I often tell my clients that our exercise should mimic what our activity was like 10,000 years ago.  That 10,000 year thing comes up a lot in my discussions.  And though I'm no scientist, I've read enough on the topic to say confidently that our bodies have evolved little if any since then.  We have prehistoric bodies doing very modern activities or not doing any activity at all.  So, what was it like 10,000 years ago?  I don't  really know, but I can guess that humans didn't work out vigorously and continuously every single day, exercising every single muscle.  They hunted and gathered.  They carried things, pulled things, pushed things, reached for things, ran, walked (a lot) and jumped.  Some days more than others.

I just read yesterday in the newspaper that "Short intense exercise gains experts' support."  That only justified my assumption of our hunter gatherer type exercise being what our bodies are designed to do.

So, Monday will start my spring exercise plan.  I will start by going for a brisk walk and then I'll do some cleaning around the house.  I'll probably throw in some jumping jacks, pushups and stretching just for fun.  I'm actually looking forward to it!  And having written this will give me that extra bit of motivation, just knowing  people have read about my plan.  If you did, be sure to ask me how it's going.

Sunday, January 10, 2010

To Beginnings

It was January 1, 1622 that the Gregorian calendar was adopted by Europe, making January 1st the first day of the year as opposed to March 25th. I read this in the newspaper on New Year’s Day and thought to myself, “that’s too bad.”

It was changed for the purpose of when Easter should be celebrated—making Easter fall during springtime (since, at that time, most of Europe was Catholic). Many countries rejected the change, including the colonies of the future United States, who eventually adopted it in 1700.

I wish it weren’t so, though. To me, it makes much more sense to start the year in springtime. Spring is the beginning of so many things. And it feels like the beginning. The middle of winter sure doesn’t feel like a beginning. No wonder so many resolutions fail. We need that energizing spirit we have in the spring—that indestructible, non-stoppable motivation we have. Besides, our moods are often lifted too. What better a time to make changes, to start anew?

Ah well, it is what it is. And here we are at the beginning of the calendar year, trying to keep warm, trying to motivate ourselves to keep our resolutions.

I don’t mean to be a downer—it really doesn’t matter what the calendar says or what it’s like outside. We have the power to change our mindsets or habits simply by thinking differently. Let’s try and look at it as Dan Custer, author of The Miracle of Mind Power and motivational speaker, sees it:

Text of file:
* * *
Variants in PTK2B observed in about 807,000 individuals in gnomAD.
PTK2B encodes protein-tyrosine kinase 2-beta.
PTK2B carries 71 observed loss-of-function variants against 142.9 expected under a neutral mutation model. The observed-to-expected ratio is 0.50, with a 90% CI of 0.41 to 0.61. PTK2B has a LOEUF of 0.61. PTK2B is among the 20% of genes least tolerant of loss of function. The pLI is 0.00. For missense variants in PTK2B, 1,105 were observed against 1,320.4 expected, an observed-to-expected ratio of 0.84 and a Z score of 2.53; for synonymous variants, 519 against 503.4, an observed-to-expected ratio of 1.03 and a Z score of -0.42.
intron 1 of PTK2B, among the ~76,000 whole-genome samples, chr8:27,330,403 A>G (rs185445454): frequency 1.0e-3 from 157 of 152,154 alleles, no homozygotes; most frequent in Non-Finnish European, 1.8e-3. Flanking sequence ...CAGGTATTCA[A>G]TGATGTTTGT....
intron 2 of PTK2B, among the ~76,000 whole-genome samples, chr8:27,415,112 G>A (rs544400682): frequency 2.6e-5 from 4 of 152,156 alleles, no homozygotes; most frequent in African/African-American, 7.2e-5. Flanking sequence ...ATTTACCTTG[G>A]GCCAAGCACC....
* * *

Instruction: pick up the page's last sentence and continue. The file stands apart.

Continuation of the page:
Every morning is a fresh beginning. Every day is the world made new. Today is a new day. Today is my world made new. I have lived all my life up to this moment, to come to this day. This moment—this day—is as good as any moment in all eternity. I shall make of this day—each moment of this day—a heaven on earth. This is my day of opportunity.

It’s true. As I have learned listening to Eckart Tolle on my iPod, we only have the present, so why not make it the best present there is?

I don’t make resolutions, normally. And I never really have, though my reasoning has changed over the years. I used to just not bother—why waste my time thinking of what I need to change? Besides, I never wanted to do what everyone else was doing. I still don’t. Then it was that I didn’t want to make a promise to myself that I was bound to break. More recently, it is just that it seems cliché and contrived. I’m making changes throughout the year, whenever I notice one is needed, so why wait until January 1st to do it? Sometimes it’s too late. And other times, I just don’t know what needs changing yet.

And so, today is my beginning. As will be tomorrow and the day after that. For today’s beginning, I decided to write for my blog (it’s been a while). And to not eat sugar. Today. And, you see, I’ve already ended one of my beginnings since you're reading this. I’m sure I’ll think of another one sooner or later. Who knows what the next minutes and hours will bring? I’m looking forward to finding out. In the meantime, I’ll enjoy what I’m doing right now.